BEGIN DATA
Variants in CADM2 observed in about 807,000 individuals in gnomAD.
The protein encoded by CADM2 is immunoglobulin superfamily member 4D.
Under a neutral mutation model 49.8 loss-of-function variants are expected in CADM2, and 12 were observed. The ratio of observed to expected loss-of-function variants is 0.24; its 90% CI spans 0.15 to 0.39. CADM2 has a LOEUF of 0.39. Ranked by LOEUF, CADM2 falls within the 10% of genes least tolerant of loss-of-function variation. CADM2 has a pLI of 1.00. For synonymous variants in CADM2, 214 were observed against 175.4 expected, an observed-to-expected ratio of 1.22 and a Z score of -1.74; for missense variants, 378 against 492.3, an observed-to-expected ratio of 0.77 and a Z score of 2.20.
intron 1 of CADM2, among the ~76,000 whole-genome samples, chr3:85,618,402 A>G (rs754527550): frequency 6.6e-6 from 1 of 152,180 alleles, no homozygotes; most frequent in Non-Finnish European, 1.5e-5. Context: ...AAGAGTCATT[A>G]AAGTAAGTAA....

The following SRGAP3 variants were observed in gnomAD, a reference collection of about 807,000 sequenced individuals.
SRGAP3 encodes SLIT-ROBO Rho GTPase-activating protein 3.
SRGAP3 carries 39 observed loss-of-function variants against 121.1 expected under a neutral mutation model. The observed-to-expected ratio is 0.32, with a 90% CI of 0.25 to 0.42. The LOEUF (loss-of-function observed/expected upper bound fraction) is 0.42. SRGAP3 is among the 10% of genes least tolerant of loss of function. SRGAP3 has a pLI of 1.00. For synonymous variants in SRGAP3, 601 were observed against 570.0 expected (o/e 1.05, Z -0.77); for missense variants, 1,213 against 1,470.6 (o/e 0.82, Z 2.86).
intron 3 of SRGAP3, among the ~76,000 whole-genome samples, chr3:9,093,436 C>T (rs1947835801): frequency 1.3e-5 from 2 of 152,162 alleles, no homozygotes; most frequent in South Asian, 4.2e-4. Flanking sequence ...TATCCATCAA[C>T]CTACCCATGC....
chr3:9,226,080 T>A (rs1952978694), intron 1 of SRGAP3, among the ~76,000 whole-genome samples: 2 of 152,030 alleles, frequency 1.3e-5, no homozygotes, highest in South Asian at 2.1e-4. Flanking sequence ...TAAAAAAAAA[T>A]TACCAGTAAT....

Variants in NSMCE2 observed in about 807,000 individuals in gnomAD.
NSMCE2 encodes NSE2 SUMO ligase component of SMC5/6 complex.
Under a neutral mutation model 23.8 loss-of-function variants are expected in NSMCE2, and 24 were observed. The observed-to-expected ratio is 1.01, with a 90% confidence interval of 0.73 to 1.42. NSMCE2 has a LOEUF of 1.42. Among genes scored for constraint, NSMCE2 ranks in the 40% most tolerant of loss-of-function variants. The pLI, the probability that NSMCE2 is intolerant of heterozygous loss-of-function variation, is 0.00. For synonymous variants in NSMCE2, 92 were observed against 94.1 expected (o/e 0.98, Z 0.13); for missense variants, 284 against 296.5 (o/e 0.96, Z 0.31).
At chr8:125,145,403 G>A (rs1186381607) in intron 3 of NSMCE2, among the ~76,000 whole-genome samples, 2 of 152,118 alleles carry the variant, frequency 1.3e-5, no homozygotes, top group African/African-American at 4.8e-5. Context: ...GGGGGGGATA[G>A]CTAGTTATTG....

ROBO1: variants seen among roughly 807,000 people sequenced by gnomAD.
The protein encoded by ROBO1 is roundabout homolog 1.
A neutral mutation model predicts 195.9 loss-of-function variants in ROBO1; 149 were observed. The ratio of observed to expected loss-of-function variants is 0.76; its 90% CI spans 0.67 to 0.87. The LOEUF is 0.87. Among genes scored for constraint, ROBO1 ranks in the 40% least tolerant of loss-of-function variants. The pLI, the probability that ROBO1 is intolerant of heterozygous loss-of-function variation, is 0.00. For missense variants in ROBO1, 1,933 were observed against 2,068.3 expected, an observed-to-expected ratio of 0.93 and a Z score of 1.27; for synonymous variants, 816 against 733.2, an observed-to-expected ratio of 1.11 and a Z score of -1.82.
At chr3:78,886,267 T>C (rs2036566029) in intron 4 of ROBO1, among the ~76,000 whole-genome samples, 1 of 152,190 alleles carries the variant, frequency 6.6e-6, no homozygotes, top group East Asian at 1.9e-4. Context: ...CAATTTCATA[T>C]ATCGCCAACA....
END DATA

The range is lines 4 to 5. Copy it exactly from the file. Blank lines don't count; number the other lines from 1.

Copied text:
intron 1 of CADM2, among the ~76,000 whole-genome samples, chr3:85,618,402 A>G (rs754527550): frequency 6.6e-6 from 1 of 152,180 alleles, no homozygotes; most frequent in Non-Finnish European, 1.5e-5. Context: ...AAGAGTCATT[A>G]AAGTAAGTAA....

The following SRGAP3 variants were observed in gnomAD, a reference collection of about 807,000 sequenced individuals.